With the growing use of technology in crime solving, forensic nurses have
to know how to properly collect evidence so it can be examined and used in
court. Being an expert witness for the court is just part of the duties of
Caregivers with an interest in detective work and the law could investigate
a career in forensic nursing. Forensic means pertaining to the law.
Forensic nurses provide health care to patients who are likely to enter
the court system. Victims of assault, abuse and neglect quickly learn about
forensic nurses. Forensic nurses may also have suspected criminals and prisoners
These highly trained registered nurses (RNs) usually have experience in
emergency room nursing. They ensure that evidence is collected properly and
can be used in court. Like all RNs, they must teach patients about medical
conditions and give advice and emotional support.
Victims of crime often have medical needs related to the crime. For example,
they might have been assaulted or involved in a car accident, shooting or
Forensic nurses may be the first people victims speak to after an incident.
The nurses must review care and legal options with the patients. The patients
must decide which examinations or medications they want to receive. They also
decide whether they want to report an assault to the police.
Working with patients, forensic nurses conduct interviews, document their
findings, photograph and measure any injuries, and collect evidence such as
clothing, bullets, debris or marks on the body. They make referrals to shelters
and arrange counseling if needed.
Forensic nursing is recognized as a nursing specialty by national nursing
associations. The International Association of Forensic Nurses is the professional
organization for the United States and Canada. This association certifies
RNs as sexual assault nurse examiners. This designation is not required to
treat sexual assault patients. But, it is important because it gives nurses
credibility when they testify in court.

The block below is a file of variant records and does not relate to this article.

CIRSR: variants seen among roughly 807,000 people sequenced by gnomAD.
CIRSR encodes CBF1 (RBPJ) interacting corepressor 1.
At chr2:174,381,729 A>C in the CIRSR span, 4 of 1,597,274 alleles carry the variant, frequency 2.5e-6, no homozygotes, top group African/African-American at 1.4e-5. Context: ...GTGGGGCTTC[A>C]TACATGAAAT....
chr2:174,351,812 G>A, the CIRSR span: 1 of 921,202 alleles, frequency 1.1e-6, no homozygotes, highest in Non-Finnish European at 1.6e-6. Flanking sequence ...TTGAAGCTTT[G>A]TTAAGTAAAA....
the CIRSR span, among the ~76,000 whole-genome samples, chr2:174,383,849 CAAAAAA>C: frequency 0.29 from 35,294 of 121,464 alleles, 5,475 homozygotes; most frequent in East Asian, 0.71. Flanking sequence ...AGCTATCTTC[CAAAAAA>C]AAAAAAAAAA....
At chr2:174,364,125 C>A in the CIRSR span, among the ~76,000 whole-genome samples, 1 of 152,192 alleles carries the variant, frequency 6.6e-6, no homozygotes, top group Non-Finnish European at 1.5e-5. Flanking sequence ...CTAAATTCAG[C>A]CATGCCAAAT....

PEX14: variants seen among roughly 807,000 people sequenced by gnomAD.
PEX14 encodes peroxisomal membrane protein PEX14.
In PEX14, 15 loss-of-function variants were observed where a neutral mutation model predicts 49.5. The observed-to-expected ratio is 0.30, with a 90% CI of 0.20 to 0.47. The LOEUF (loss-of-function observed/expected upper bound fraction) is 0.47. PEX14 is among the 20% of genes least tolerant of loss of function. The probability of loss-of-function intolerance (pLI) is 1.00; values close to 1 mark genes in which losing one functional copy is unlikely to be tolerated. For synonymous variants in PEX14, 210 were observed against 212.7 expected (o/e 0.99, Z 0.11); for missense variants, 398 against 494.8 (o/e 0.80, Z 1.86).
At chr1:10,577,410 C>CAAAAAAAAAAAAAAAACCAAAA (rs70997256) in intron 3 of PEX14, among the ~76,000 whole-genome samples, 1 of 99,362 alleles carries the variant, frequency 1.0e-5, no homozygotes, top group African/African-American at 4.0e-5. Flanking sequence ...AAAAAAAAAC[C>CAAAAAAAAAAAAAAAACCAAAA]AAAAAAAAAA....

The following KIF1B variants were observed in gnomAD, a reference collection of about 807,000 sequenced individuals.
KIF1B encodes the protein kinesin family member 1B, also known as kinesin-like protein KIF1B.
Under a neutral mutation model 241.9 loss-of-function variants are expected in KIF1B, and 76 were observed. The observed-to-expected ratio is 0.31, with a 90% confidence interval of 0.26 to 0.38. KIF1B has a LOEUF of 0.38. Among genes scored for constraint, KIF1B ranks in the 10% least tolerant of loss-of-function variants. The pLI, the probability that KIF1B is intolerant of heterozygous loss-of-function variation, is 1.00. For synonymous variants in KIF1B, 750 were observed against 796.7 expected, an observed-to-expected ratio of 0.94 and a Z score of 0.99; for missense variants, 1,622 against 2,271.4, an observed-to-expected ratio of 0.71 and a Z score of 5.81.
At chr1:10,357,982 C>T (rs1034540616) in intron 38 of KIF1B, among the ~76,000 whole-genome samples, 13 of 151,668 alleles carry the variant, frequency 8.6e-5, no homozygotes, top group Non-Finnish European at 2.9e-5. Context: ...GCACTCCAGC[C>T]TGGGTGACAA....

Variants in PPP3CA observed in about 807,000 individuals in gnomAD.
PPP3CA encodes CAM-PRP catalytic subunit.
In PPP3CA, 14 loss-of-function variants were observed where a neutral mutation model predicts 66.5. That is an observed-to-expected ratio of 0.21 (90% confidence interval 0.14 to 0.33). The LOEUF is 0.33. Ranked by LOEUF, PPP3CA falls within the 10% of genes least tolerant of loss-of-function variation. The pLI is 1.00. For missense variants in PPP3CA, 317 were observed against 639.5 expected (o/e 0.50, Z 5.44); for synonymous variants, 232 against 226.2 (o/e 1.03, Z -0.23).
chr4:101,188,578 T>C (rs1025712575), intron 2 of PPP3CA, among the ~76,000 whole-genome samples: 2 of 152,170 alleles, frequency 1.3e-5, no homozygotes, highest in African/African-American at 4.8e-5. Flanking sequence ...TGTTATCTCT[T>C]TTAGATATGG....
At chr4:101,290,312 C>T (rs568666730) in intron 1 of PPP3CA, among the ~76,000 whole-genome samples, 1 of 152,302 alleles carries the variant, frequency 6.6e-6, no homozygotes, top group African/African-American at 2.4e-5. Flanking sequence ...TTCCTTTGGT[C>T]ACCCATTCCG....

Forensic nurses are employed by health regions, medical examiners' offices
and hospitals. Some are self-employed as consultants. They can work regular
shifts, either part time or full time. Teams, such as the sexual assault team,
and death investigators also have extra "on call" shifts, explains Cathy Carter-Snell.
She is a forensic nurse.
"It's not a nine-to-five job. Usually people come in at strange hours,"
says Daniel Sheridan. He is a forensic nurse in Baltimore, Maryland. He explains
that an on-call schedule is set up. When he's called, night or day, he must
get to the hospital within 30 to 40 minutes.
Other areas of specialization for forensic nurses include domestic violence
nursing, and child and elder abuse and neglect nursing. Other options include
forensic psychiatric nursing, death investigation, corrections (prison) nursing
and disaster nursing.
"We had forensic nurses at the World Trade Center and school shootings,"
Forensic nursing is not for everyone. The nurses have to deal with trauma
and death resulting from abuse, violence, criminal activity and accidents.
Victims are often women and vulnerable people, such as children, the elderly
and people with disabilities.
A person must have the right personality to deal with all that. There are
no physical requirements to become a forensic nurse, says Georgia Pasqualone.
She's a forensic nurse consultant in Winchester, Massachusetts. "It's the
grey matter -- it's your brain," she says.